Nursing Education Isn't What It Used to Be!
Sep 28, 2012, 10:00 AM, Posted by Kate Driscoll Malliarakis
The Robert Wood Johnson Foundation Human Capital Blog is asking diverse experts: What is and isn’t working in health professions education today, and what changes are needed to prepare a high-functioning health and health care workforce that can meet the country’s current and emerging needs? Today’s post is by Kate Driscoll Malliarakis, PhD, CNP, MAC, assistant professor and program coordinator, Nursing Leadership and Management at the George Washington University School of Nursing. Malliarakis is a Robert Wood Johnson Foundation (RWJF) Executive Nurse Fellow (ENF) and president-elect of the RWJF ENF Alumni Association.
Nursing has afforded me the opportunity to serve in numerous non-traditional positions. Now as an academic, I work to provide my students with a broad view of health care. Today, nurses enjoy a variety of educational opportunities that differ from the old one-size-fits-all approach. Thanks to technological advances in education, hybrid formats enable nurses to experience new educational opportunities through online course work and flexible, asynchronous learning.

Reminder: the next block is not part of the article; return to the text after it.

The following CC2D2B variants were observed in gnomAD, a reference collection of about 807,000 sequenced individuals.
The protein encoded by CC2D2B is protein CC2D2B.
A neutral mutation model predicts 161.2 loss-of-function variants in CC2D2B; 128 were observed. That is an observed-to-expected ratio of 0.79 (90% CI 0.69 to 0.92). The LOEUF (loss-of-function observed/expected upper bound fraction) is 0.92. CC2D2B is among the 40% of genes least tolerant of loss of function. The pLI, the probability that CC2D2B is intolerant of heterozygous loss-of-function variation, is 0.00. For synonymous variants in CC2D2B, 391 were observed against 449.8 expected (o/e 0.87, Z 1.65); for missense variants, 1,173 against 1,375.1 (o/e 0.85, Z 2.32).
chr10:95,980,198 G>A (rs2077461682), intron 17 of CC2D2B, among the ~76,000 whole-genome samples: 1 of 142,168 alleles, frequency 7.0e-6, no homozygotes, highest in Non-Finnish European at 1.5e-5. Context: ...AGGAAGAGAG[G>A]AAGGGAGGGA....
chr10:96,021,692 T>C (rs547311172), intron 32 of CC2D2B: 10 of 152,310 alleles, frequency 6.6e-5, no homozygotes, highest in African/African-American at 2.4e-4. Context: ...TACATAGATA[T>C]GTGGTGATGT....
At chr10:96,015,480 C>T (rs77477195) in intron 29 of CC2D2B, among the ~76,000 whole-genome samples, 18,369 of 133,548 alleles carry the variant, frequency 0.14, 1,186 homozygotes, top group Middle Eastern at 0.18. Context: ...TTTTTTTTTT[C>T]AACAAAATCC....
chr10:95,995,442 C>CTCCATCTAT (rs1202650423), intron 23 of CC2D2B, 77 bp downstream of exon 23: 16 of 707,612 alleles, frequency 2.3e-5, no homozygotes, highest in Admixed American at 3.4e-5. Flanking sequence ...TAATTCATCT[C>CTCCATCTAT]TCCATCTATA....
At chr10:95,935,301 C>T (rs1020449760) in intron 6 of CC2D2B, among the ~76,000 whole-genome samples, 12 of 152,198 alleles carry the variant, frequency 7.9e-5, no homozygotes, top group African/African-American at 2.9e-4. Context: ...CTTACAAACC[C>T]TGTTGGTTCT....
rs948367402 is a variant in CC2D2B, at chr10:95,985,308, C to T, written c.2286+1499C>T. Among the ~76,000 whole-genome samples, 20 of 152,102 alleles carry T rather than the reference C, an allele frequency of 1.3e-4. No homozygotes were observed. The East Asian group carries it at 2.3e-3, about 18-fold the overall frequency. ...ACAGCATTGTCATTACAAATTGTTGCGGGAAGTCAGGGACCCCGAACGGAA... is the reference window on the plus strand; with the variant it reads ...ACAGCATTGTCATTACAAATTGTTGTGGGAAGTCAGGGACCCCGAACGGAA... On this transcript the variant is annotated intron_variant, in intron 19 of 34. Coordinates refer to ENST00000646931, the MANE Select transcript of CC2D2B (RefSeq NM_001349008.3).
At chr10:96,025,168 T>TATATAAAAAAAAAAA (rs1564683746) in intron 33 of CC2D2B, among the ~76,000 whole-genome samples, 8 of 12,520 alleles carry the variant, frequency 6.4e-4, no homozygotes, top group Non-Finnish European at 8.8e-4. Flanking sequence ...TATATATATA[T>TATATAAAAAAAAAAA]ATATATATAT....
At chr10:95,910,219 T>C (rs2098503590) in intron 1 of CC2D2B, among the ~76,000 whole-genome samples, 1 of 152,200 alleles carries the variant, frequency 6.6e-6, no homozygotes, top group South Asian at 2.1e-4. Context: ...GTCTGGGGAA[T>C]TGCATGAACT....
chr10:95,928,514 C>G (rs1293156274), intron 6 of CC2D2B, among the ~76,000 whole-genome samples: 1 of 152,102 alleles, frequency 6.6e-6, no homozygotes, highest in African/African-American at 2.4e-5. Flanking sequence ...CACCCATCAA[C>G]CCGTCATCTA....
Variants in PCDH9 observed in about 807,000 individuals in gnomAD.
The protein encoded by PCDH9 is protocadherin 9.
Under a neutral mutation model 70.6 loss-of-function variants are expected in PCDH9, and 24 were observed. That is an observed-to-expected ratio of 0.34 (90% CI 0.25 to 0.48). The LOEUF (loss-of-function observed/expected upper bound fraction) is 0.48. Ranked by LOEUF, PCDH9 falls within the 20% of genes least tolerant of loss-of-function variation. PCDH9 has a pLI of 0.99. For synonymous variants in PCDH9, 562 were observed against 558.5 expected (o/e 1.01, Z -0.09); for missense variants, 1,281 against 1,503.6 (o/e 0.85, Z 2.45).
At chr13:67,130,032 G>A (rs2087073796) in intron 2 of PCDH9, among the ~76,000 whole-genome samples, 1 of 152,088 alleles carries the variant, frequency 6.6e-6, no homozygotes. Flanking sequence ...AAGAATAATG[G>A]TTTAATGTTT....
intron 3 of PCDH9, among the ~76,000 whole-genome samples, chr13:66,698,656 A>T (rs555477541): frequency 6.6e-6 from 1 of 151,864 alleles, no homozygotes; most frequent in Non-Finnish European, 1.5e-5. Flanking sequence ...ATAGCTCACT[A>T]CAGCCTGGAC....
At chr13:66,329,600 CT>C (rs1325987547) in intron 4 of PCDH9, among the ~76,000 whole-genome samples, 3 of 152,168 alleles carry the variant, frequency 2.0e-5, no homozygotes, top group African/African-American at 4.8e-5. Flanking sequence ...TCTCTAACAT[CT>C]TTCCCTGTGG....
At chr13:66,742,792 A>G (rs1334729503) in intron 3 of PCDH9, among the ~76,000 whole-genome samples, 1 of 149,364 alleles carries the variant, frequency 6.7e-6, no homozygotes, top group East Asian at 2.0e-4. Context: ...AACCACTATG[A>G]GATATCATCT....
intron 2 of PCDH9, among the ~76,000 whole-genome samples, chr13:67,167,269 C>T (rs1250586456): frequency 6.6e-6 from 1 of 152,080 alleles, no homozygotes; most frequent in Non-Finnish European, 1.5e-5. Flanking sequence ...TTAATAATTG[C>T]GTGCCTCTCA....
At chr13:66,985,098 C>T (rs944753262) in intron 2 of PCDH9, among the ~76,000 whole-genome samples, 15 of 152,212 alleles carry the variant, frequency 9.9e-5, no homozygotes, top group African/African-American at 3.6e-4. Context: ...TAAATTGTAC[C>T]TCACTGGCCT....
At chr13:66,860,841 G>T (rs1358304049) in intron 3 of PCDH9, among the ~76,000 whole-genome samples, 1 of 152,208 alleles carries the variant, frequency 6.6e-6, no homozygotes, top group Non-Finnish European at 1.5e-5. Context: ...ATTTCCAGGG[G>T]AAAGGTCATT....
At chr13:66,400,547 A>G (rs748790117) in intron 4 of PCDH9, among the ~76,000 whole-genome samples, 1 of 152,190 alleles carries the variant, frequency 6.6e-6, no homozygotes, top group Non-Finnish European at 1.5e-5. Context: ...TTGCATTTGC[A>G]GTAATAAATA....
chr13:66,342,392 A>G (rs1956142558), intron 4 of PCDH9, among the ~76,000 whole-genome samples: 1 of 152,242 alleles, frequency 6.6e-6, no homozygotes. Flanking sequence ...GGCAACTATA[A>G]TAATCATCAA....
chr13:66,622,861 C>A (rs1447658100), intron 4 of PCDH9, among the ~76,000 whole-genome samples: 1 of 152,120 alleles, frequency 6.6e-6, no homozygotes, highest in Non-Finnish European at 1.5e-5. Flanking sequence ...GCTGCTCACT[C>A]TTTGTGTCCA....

Online education encourages diversity as students hail from a variety of geographic locations and experiences. Unlike the standard classroom where a student can sit in the last row and not participate, online discussions demand the student’s involvement not only with the faculty but with each other. The result is a richer interaction and learning experience.
On an undergraduate level, student nurses combine online experiences with on-campus encounters. The adage “practice makes perfect “is enhanced through work in the simulation laboratory where current techniques are learned and practiced before and during the nurses’ clinical rotations. Learning to “do” the procedures on life-like mannequins reduces the anxiety of patient encounters for the novice nurse.
Online courses enable these same students to stretch beyond their clinical development to broaden their critical skills and thinking.
On a graduate level, interprofessional collaboration affords nurses the opportunity to expand their knowledge base. At the George Washington University School of Nursing, graduate nurses take courses with students in other university schools. We collaborate with the School of Medicine and Health Sciences, School of Public Health and Health Services, the School of Business, and the School of Education. The perspectives provided to our students encourage them to think beyond their clinical comfort to develop a new appreciation for the totality of health care.
It is this interprofessional collaboration that prepares our nurses to be leaders in the health care workforce. No one discipline can attend to the health care requirements of patients today and in the future. Our approach prepares nurses with the skills to participate in and lead this interprofessional effort.
This commentary originally appeared on the RWJF Human Capital Blog. The views and opinions expressed here are those of the authors.